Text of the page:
Thursday, October 11, 2012
Self-driving cars now legal in California
On Tuesday, California Governor Edmund “Jerry” Brown signed a bill authorizing “self-driving cars” to be tested on public roads in California. Google co-founder Sergey Brin and state senator Alex Padilla were both present for the bill’s singing. The California bill, Senate Bill 1298, not only authorizes the cars to be tested on public streets but it also calls on the DMV to develop requirements and regulations to determine when the automated cars will be considered “road-ready”. Google is currently the primary developer of this technology, which they have already been testing in Nevada.
The Senate Bill lays out very specific guidelines for when and how the automated cars can be driven on the road. Currently, the bill only allows these cars to be driven on public roads “for testing purposes”. There is a section however that outlines the procedure for when these cars can eventually be used by the general public. Until that time, the cars can only be operated by company testers.
To be allowed on the road, the bill requires that a specially licensed operator is sitting in the driver’s seat, ready to take over the controls at a moment’s notice. This is for safety purposes because the technology is still quite new. Although according to Sergey Brin, the automated cars have successfully logged about 300,000 miles without the drivers needing to intervene. Further, there has only been one reported accident and it was while the car was being driven by one of the test drivers. This technology has a promising future that could eventually change the way we as a population travel.
While Google is the primary developer of this technology they currently do not have an interest in producing cars themselves. Their primary goal is to continue to develop and fine tune this technology so that it can then be sold to manufacturing companies. The system combines different technology to allow the car to successfully operate without assistance. The technology includes cameras and radar senses located around the car. The car also includes an advanced computer system that analyzes all of the data at split second speeds. This allows the car to properly respond to any number of situations that might occur while on the road.
The possibilities of this technology are seemingly endless, but there are also potential issues that may occur. Brin imagines a future where eventually there will be more automated cars on the road than human operated ones. He predicts that this technology will be of great use to those who are unable to drive, such as the elderly, individuals with certain disabilities, and even those who are too intoxicated. There is also an idea that eventually your automated car could drive you to work, drop you off, and then drive home to park itself safely in your driveway. This would likely be further down the road, however it is clear that the possibilities are endless.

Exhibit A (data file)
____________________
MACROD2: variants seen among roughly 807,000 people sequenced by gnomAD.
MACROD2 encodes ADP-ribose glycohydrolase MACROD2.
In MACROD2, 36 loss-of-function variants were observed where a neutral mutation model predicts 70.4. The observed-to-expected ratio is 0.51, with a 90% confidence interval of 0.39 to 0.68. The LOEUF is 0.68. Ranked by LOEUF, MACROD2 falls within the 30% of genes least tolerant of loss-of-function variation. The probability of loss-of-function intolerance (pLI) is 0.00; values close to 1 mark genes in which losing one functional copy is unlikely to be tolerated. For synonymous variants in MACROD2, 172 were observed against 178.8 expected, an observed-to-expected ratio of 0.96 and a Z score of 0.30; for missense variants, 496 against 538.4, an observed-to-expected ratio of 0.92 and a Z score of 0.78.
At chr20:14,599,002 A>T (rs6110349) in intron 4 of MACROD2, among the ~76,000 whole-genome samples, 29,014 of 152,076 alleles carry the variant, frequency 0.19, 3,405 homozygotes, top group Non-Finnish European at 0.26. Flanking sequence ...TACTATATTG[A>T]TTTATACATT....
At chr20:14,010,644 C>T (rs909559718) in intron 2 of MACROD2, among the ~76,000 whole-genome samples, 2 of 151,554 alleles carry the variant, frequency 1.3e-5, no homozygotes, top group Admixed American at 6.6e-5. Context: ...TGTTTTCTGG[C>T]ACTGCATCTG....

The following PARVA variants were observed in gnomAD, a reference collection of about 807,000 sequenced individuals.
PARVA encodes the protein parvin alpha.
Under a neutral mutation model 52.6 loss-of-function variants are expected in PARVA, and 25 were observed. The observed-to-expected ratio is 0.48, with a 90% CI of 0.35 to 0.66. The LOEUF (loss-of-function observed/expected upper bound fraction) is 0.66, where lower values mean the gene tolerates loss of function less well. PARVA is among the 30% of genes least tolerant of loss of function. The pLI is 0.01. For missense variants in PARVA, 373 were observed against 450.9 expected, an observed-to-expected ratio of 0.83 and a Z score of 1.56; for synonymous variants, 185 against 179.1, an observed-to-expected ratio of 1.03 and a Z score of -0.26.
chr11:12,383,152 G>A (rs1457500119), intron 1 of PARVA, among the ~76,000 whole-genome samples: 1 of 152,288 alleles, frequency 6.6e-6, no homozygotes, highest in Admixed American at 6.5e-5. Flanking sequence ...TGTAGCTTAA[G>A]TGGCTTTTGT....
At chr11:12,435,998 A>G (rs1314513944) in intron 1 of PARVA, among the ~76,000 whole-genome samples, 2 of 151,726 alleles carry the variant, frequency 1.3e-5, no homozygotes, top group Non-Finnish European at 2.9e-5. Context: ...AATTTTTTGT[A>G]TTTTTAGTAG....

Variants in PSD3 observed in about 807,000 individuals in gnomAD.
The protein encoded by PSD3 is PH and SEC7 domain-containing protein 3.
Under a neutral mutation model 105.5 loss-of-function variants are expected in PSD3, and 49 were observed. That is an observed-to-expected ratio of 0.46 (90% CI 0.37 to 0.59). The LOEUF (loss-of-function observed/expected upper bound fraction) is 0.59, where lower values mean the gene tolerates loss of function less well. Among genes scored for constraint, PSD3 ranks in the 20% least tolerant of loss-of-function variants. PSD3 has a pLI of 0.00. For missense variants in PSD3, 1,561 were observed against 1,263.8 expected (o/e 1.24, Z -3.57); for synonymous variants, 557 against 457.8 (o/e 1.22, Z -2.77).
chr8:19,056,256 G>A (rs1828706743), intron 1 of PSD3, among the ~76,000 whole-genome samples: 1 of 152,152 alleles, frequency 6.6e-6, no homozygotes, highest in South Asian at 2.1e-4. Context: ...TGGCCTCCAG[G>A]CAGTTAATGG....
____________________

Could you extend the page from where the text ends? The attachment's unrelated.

Even with all of the possibilities that this technology could bring, there could still be potential issues with its widespread use. One of the issues that Google is dealing with now is how best to react to unpredictable pedestrians. Also, while the technology makes the car drive very carefully, many drivers will likely be hesitant to give over the controls to a computer. Google recognizes that their will likely be hesitance at first, but Brin is confident that individuals will “get over” this feeling.
It is also interesting to examine potential legal issues that will certainly arise with automated cars. Such as, who would be responsible in the event of an accident? Would it be the owner of the car, even though they were not driving? Would it be Google, who developed the technology? Or will the manufacturer who produced the car be liable? The widespread use of these automated vehicles will no doubt raise interesting legal questions. However, until the time that this technology is available to the public, it is exciting to look at how this technology could potentially change the future of transportation as we know it.
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